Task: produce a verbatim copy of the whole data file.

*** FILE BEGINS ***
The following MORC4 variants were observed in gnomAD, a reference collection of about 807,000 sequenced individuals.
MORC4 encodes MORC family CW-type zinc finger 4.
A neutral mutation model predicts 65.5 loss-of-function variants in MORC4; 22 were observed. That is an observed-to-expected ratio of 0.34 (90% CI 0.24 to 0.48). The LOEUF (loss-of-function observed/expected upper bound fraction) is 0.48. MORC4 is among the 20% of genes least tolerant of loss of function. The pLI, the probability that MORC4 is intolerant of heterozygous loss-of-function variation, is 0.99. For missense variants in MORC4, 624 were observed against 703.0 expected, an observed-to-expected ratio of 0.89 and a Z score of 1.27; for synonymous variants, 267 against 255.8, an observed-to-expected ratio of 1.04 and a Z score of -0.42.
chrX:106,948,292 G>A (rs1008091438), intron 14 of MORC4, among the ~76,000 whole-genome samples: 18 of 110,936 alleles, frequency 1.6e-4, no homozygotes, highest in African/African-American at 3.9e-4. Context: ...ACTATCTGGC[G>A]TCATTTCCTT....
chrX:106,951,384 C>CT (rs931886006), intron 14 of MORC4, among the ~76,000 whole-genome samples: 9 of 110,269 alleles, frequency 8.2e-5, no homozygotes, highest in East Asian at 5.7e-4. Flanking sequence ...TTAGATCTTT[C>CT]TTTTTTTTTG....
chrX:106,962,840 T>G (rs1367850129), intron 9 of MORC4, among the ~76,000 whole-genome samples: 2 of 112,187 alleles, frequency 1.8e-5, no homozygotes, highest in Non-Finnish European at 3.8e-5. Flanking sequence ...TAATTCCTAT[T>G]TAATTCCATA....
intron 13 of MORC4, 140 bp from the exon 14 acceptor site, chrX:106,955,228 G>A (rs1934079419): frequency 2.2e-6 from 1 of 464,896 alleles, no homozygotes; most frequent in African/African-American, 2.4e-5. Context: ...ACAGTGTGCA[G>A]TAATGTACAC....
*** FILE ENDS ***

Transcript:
The following MORC4 variants were observed in gnomAD, a reference collection of about 807,000 sequenced individuals.
MORC4 encodes MORC family CW-type zinc finger 4.
A neutral mutation model predicts 65.5 loss-of-function variants in MORC4; 22 were observed. That is an observed-to-expected ratio of 0.34 (90% CI 0.24 to 0.48). The LOEUF (loss-of-function observed/expected upper bound fraction) is 0.48. MORC4 is among the 20% of genes least tolerant of loss of function. The pLI, the probability that MORC4 is intolerant of heterozygous loss-of-function variation, is 0.99. For missense variants in MORC4, 624 were observed against 703.0 expected, an observed-to-expected ratio of 0.89 and a Z score of 1.27; for synonymous variants, 267 against 255.8, an observed-to-expected ratio of 1.04 and a Z score of -0.42.
chrX:106,948,292 G>A (rs1008091438), intron 14 of MORC4, among the ~76,000 whole-genome samples: 18 of 110,936 alleles, frequency 1.6e-4, no homozygotes, highest in African/African-American at 3.9e-4. Context: ...ACTATCTGGC[G>A]TCATTTCCTT....
chrX:106,951,384 C>CT (rs931886006), intron 14 of MORC4, among the ~76,000 whole-genome samples: 9 of 110,269 alleles, frequency 8.2e-5, no homozygotes, highest in East Asian at 5.7e-4. Flanking sequence ...TTAGATCTTT[C>CT]TTTTTTTTTG....
chrX:106,962,840 T>G (rs1367850129), intron 9 of MORC4, among the ~76,000 whole-genome samples: 2 of 112,187 alleles, frequency 1.8e-5, no homozygotes, highest in Non-Finnish European at 3.8e-5. Flanking sequence ...TAATTCCTAT[T>G]TAATTCCATA....
intron 13 of MORC4, 140 bp from the exon 14 acceptor site, chrX:106,955,228 G>A (rs1934079419): frequency 2.2e-6 from 1 of 464,896 alleles, no homozygotes; most frequent in African/African-American, 2.4e-5. Context: ...ACAGTGTGCA[G>A]TAATGTACAC....